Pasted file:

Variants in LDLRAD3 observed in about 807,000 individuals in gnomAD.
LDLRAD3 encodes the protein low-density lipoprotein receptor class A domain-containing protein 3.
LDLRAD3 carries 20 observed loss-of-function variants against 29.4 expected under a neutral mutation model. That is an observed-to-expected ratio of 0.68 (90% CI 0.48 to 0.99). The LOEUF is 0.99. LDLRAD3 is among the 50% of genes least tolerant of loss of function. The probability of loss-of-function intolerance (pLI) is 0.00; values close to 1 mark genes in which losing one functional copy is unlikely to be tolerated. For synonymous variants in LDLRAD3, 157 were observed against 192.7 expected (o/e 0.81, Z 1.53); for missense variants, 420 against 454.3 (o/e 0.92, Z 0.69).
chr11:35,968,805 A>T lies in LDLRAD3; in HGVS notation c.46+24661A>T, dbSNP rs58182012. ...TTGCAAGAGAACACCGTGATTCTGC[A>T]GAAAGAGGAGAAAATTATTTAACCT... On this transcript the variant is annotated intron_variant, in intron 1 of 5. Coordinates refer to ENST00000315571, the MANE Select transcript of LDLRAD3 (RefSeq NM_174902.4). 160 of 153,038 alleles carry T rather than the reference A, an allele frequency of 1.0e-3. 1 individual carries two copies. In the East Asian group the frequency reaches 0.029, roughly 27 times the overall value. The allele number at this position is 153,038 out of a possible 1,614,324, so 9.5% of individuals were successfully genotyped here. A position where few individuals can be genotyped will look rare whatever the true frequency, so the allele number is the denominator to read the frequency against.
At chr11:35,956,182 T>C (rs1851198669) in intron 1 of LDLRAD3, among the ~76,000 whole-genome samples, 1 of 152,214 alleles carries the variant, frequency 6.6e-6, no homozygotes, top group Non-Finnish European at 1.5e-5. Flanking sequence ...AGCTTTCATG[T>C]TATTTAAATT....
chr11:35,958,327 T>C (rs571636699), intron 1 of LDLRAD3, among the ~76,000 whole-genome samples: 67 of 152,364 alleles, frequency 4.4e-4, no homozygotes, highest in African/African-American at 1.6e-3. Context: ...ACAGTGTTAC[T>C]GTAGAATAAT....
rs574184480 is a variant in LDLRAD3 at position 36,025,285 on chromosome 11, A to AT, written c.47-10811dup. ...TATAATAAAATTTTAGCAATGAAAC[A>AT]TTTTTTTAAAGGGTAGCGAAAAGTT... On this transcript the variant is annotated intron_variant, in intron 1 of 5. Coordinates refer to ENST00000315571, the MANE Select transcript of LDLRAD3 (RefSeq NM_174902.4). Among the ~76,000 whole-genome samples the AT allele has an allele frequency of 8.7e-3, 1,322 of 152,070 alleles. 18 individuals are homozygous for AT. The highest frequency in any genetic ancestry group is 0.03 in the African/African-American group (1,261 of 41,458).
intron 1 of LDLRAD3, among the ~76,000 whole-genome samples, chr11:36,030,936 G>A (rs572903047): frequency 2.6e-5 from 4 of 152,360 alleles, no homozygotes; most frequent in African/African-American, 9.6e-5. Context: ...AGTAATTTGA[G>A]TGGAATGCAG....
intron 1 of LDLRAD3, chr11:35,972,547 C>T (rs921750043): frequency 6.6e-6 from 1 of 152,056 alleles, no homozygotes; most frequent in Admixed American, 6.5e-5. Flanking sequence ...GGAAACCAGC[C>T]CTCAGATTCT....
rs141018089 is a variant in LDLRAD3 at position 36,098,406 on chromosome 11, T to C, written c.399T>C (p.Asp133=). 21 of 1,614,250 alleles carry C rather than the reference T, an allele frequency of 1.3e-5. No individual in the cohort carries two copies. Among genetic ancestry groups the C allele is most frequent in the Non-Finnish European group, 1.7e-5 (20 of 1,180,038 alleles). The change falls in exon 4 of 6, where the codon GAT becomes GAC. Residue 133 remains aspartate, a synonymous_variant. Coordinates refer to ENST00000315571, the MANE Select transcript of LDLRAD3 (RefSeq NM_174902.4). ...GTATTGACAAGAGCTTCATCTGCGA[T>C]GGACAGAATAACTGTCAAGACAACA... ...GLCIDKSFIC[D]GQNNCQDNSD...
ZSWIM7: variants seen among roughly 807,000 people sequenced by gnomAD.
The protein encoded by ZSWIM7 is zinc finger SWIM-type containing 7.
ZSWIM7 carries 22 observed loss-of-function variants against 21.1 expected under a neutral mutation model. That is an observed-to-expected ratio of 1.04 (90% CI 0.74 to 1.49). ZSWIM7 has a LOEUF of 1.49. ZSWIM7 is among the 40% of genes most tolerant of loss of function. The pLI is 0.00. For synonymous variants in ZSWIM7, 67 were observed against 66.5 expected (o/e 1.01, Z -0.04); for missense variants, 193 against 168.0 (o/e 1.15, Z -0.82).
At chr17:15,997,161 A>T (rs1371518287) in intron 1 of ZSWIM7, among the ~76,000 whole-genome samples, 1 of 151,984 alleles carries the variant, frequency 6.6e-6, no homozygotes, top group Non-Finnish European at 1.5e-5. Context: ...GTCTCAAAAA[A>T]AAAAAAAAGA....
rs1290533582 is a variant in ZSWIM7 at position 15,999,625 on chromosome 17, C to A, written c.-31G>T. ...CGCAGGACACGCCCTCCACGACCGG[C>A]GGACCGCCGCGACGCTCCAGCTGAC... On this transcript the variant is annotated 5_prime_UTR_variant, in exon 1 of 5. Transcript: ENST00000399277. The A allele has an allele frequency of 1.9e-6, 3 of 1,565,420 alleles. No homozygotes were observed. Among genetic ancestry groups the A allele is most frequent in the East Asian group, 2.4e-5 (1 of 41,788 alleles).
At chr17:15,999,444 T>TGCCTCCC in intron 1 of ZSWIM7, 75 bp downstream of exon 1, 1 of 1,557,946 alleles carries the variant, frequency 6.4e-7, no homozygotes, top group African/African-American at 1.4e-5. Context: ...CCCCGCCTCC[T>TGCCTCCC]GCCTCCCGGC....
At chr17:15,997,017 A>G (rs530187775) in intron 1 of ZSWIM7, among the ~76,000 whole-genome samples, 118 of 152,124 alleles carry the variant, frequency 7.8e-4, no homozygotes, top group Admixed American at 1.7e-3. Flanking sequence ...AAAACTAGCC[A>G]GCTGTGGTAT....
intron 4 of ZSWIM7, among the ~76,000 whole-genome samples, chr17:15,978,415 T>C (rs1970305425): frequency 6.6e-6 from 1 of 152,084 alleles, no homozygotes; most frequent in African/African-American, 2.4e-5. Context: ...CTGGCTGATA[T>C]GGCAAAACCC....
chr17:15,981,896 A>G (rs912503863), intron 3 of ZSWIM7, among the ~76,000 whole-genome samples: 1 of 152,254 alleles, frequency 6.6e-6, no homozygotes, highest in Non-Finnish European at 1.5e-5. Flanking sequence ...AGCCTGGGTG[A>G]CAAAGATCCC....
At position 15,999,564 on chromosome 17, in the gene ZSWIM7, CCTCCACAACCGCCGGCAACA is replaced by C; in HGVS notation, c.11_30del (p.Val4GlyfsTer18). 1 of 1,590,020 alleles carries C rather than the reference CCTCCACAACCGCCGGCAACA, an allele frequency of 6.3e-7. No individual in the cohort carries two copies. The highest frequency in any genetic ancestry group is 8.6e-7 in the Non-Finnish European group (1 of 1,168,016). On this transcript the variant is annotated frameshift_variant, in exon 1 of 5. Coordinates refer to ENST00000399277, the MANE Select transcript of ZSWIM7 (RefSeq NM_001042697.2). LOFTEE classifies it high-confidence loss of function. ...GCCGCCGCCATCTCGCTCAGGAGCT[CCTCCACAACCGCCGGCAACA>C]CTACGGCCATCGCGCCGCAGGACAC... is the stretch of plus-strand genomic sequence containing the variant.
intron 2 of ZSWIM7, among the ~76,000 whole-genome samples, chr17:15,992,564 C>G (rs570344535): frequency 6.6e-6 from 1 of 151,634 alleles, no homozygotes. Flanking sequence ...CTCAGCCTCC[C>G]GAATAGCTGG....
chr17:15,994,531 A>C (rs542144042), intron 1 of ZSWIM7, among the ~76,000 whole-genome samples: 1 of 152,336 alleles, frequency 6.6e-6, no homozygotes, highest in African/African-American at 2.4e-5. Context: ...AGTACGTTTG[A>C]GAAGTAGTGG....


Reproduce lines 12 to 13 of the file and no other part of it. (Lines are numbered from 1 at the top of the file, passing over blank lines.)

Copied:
The protein encoded by ZSWIM7 is zinc finger SWIM-type containing 7.
ZSWIM7 carries 22 observed loss-of-function variants against 21.1 expected under a neutral mutation model. That is an observed-to-expected ratio of 1.04 (90% CI 0.74 to 1.49). ZSWIM7 has a LOEUF of 1.49. ZSWIM7 is among the 40% of genes most tolerant of loss of function. The pLI is 0.00. For synonymous variants in ZSWIM7, 67 were observed against 66.5 expected (o/e 1.01, Z -0.04); for missense variants, 193 against 168.0 (o/e 1.15, Z -0.82).